The size to which a coffee should be ground depends heavily on the brewing method and the related brewing time. The brewing time is vital as the water needs to stay sufficient time in contact with the coffee to extract the necessary flavor compounds. Brewing for too long or too short, may alter negatively the flavor of your coffee.

As a rule of thumb, fast brewing methods such as espresso requires fine grounds. The reason is that the finer the grounds the more exposed the flavor parts are and the faster the water can extract them. For instance, in espresso-based preparation you have to extract all compounds in 18-35 seconds. That's really quick!

On the other hand, there are slow brewing mehtods such as coffee makers, hand pour-overs or french press, among others. The brewing time can vary between 2-5 minutes. The grounds can be coarser because the water has much more time to stay in contact with the grounds.

Starting from here, the grind size of the particles have to be adjusted accordingly in order to allow extracting the necessary flavors in a certain time avoiding over- or under-extraction (more about this in the third part of the series).

Matt Perger from Barista Hustle puts it like this:

"The most important thing to wrap your head around here is that grind size doesn't really change what is being extracted. It only changes when the things are extracted. All of the flavour is right there, in the coffee bean, ready to be extracted. Grind size just puts more or less of that flavour in front of the water right away."

Coffee beans and coffee ground
Grinding coffee beans and get the right size for any specific brewing method is essential for a good cup of coffee. (Picture by Humusak on Pixabay)

#3: Respect the coffee brewing extraction cycle

When brewing a coffee, the extraction goes through different time phases. The first drops coming out at the pure beginning will give you an extreme acid taste. Acids are generally the first elements which water dissolves as they are high soluble. Here you have everything regarding bright, fruity acids.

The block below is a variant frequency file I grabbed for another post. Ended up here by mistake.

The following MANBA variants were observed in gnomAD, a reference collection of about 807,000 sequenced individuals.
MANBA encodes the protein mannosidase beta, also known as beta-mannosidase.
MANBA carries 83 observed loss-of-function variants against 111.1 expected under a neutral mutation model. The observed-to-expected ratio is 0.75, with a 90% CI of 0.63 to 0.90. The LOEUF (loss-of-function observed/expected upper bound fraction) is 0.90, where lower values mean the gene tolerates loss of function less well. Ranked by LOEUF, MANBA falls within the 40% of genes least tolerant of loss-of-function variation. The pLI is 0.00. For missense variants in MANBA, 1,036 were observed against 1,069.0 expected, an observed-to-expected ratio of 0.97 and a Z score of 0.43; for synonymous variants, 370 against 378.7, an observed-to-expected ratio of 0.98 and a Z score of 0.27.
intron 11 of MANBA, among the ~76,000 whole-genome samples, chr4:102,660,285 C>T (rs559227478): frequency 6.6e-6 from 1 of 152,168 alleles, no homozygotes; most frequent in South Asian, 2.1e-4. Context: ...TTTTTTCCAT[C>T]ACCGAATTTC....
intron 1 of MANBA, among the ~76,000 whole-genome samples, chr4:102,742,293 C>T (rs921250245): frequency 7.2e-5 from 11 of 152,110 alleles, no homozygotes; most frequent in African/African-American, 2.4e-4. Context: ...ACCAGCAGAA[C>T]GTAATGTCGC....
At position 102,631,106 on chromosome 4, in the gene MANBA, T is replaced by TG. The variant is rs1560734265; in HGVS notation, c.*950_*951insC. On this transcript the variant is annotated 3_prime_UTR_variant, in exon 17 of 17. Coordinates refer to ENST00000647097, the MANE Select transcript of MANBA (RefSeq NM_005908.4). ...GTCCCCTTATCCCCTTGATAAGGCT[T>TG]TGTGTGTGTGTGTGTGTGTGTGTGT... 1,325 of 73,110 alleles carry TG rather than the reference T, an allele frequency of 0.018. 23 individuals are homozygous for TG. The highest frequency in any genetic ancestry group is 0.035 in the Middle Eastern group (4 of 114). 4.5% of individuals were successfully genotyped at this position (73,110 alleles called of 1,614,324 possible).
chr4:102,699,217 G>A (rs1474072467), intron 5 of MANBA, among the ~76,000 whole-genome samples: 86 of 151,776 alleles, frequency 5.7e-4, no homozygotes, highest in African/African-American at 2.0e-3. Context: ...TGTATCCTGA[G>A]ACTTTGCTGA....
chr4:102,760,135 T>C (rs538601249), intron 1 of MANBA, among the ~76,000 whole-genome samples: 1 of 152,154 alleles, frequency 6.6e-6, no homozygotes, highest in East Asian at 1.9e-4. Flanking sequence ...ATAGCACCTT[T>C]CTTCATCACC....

After that, aromatic and more sugar-like compounds follow. Vanilla, chocolate, caramel and nuts can appear.

In the end, low soluble compounds are extracted giving a flavor such as ash, wood, tobacco and malt. They provide you with the bitterness. It's important that the brewing time takes only as long as you get to the bitter compounds. And stop. Probably, you don't want to extract everything! In a future article I'll explain you how to test this and fine-tune your preparation.

Heads-Up: a strong coffee doesn't mean that it has to be bitter.

Solubility of coffee grounds during the coffee brewing cycle
During the brew cycle the solubility of coffee grounds decreases. While at the beginning the best compounds are extracted (bright, fruity flavors), in the end only heavy organic matter is left, which can lead to wood and tobacco-like flavors. (Own Picture inspired by my SCAE Coffee Brewing Course)

#4: Coffee Brewing Temperature

The water temperature is vital as it helps you to extract enough flavor compounds at a reasonable time. The recommended water temperature, especially regarding the temperature in the coffee bed during the brewing process should be between 92-96 C (197-205 F).

A lower temperature can lead to an under-extracted coffee (sour), a higher temperature to an over-extracted coffee (bitter).

In my opinion, the temperature range is even narrower and should be between 92-94 C (197-201 F). However, there could be situations when the coffee brewing temperature cannot get to the target temperature, for instance, if you are at high altitudes. The effects of a lower temperature can be compensated by changing the grind, for instance.

#5: Water Quality

A cup of coffee brewed in a non-pressurized system (espresso machine), contains usually between 98-99% of water. That's why this ingredient is so important and often underestimated. But what does water quality mean?

In the end, it's the water's ability to extract the right flavor compounds of the coffee. This depends strongly on the chemical composition of water. I just wanted to raise your awareness about this. Just keep it in mind for now ;)

pour over drip coffee